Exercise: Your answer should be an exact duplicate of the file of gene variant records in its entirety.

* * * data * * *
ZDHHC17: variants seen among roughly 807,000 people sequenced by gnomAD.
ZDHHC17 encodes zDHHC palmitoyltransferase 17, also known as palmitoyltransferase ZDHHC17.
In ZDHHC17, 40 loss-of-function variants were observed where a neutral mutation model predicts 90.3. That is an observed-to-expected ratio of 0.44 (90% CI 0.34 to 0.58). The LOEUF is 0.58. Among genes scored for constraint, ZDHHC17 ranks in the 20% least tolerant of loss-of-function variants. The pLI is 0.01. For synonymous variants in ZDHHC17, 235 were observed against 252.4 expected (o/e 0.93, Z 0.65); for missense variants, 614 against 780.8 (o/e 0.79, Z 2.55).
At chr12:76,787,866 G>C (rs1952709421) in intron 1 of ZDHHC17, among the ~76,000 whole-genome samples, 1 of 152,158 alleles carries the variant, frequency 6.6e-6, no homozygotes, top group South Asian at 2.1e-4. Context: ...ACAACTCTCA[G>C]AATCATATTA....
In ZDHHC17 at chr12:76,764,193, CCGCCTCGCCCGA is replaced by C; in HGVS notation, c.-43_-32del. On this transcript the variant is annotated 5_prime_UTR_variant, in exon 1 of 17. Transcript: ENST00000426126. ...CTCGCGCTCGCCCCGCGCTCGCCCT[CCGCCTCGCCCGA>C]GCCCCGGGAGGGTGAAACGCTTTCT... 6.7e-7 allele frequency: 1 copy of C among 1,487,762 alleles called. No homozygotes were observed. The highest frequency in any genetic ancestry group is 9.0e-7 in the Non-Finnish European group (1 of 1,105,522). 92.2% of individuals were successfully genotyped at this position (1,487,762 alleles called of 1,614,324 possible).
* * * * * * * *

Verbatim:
ZDHHC17: variants seen among roughly 807,000 people sequenced by gnomAD.
ZDHHC17 encodes zDHHC palmitoyltransferase 17, also known as palmitoyltransferase ZDHHC17.
In ZDHHC17, 40 loss-of-function variants were observed where a neutral mutation model predicts 90.3. That is an observed-to-expected ratio of 0.44 (90% CI 0.34 to 0.58). The LOEUF is 0.58. Among genes scored for constraint, ZDHHC17 ranks in the 20% least tolerant of loss-of-function variants. The pLI is 0.01. For synonymous variants in ZDHHC17, 235 were observed against 252.4 expected (o/e 0.93, Z 0.65); for missense variants, 614 against 780.8 (o/e 0.79, Z 2.55).
At chr12:76,787,866 G>C (rs1952709421) in intron 1 of ZDHHC17, among the ~76,000 whole-genome samples, 1 of 152,158 alleles carries the variant, frequency 6.6e-6, no homozygotes, top group South Asian at 2.1e-4. Context: ...ACAACTCTCA[G>C]AATCATATTA....
In ZDHHC17 at chr12:76,764,193, CCGCCTCGCCCGA is replaced by C; in HGVS notation, c.-43_-32del. On this transcript the variant is annotated 5_prime_UTR_variant, in exon 1 of 17. Transcript: ENST00000426126. ...CTCGCGCTCGCCCCGCGCTCGCCCT[CCGCCTCGCCCGA>C]GCCCCGGGAGGGTGAAACGCTTTCT... 6.7e-7 allele frequency: 1 copy of C among 1,487,762 alleles called. No homozygotes were observed. The highest frequency in any genetic ancestry group is 9.0e-7 in the Non-Finnish European group (1 of 1,105,522). 92.2% of individuals were successfully genotyped at this position (1,487,762 alleles called of 1,614,324 possible).